The Court of Appeals concludes Indiana should adopt a similar position as other courts have regarding the use of anonymous juries and each case should be evaluated on a case-by-case basis. In evaluating Major's case, the court determined the use of an anonymous jury was an error because the trial court did not make a factual determination that the jury needed protection, it just alluded to the "local rule."

The state contends this was a harmless error, and the 7th Circuit has applied the harmless error analysis to the anonymous jury question. In this case, "given Major's confessions, the otherwise thorough nature of the voir dire, and the court's instructions regarding Major's presumption of innocence, we are convinced the error of the anonymous jury in this case was harmless," wrote Judge Cale Bradford. The court also affirmed Major's sentence was not inappropriate in light of his character and nature of his offenses.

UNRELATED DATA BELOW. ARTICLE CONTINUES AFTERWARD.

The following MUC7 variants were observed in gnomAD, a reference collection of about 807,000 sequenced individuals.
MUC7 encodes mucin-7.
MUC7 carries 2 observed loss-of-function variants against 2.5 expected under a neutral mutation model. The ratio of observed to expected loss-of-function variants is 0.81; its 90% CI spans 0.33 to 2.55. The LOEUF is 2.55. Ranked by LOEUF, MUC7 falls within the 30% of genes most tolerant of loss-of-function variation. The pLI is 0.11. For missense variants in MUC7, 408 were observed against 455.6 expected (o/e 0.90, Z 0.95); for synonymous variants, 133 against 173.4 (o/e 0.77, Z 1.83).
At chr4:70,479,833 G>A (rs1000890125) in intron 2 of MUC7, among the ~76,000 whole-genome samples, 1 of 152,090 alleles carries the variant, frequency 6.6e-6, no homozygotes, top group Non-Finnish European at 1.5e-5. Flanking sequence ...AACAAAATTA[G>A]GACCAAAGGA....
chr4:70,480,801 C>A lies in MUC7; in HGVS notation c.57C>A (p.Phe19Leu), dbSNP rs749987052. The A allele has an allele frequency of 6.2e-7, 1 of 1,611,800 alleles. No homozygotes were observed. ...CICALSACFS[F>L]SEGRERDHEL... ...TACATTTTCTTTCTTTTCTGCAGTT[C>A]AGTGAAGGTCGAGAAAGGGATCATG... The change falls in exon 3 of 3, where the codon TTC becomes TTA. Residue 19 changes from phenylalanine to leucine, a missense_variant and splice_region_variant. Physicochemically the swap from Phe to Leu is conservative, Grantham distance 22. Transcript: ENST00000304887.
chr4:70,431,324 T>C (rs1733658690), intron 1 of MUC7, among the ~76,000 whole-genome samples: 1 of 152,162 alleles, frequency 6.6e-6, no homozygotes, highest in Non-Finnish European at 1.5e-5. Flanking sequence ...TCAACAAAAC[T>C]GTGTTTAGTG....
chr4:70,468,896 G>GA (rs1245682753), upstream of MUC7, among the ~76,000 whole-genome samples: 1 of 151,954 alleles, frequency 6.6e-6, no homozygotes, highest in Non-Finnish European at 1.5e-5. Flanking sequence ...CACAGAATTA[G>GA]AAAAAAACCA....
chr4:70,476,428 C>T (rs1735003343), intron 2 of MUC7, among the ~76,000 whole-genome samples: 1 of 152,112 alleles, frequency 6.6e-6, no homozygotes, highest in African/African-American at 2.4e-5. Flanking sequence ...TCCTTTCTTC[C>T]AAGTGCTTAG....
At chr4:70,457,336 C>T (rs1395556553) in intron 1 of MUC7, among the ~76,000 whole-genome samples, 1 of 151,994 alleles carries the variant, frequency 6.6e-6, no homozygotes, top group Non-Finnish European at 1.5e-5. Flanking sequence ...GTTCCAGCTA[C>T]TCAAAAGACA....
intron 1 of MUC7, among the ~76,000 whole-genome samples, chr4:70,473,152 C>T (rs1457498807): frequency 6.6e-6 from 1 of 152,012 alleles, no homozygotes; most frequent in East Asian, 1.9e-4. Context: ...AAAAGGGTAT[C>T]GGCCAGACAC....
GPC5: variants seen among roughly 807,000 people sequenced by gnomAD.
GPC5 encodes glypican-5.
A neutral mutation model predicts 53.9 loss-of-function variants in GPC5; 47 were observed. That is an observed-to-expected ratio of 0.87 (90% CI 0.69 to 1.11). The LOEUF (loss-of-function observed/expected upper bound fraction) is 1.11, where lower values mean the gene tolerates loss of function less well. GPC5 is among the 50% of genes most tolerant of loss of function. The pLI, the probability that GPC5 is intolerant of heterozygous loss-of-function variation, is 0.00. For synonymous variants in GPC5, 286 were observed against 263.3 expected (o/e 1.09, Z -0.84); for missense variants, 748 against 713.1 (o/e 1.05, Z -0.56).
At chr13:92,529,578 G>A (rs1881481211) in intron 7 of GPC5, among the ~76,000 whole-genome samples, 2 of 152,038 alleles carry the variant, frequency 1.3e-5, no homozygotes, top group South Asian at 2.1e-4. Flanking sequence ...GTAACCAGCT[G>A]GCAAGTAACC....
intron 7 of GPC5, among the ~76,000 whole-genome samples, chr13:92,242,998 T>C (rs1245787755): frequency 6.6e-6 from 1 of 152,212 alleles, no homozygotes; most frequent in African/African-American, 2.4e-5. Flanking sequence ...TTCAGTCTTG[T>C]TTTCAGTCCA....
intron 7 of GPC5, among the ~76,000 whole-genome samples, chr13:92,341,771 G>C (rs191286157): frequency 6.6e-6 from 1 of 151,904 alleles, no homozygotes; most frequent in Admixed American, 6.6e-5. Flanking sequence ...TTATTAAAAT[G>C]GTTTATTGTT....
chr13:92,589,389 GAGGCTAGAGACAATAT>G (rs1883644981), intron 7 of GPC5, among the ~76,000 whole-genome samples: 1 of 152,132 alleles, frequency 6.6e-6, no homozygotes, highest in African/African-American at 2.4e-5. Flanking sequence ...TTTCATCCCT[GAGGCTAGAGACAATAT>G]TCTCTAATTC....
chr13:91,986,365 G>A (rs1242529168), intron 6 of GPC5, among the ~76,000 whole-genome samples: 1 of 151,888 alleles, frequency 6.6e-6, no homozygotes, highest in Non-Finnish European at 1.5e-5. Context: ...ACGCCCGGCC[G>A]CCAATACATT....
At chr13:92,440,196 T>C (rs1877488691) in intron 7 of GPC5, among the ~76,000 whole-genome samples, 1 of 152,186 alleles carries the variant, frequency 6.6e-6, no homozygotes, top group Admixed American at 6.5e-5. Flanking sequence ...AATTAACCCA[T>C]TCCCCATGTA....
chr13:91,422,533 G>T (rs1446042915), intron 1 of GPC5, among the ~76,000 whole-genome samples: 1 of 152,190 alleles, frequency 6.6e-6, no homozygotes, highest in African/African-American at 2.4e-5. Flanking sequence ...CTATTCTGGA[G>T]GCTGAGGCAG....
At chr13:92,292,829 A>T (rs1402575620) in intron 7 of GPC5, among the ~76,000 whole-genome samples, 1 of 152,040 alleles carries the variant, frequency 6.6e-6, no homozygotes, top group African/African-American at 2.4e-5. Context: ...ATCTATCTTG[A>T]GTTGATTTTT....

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  1. On a related note, I offered the ICLU my cases against the BLE repeatedly, and sought their amici aid repeatedly as well. Crickets. Usually not even a response. I am guessing they do not do allegations of anti-Christian bias? No matter how glaring? I have posted on other links the amicus brief that did get filed (search this ezine, e.g., Kansas attorney), read the Thomas More Society brief to note what the ACLU ran from like vampires from garlic. An Examiner pledged to advance diversity and inclusion came right out on the record and demanded that I choose Man's law or God's law. I wonder, had I been asked to swear off Allah ... what result then, ICLU? Had I been found of bad character and fitness for advocating sexual deviance, what result then ICLU? Had I been lifetime banned for posting left of center statements denigrating the US Constitution, what result ICLU? Hey, we all know don't we? Rather Biased.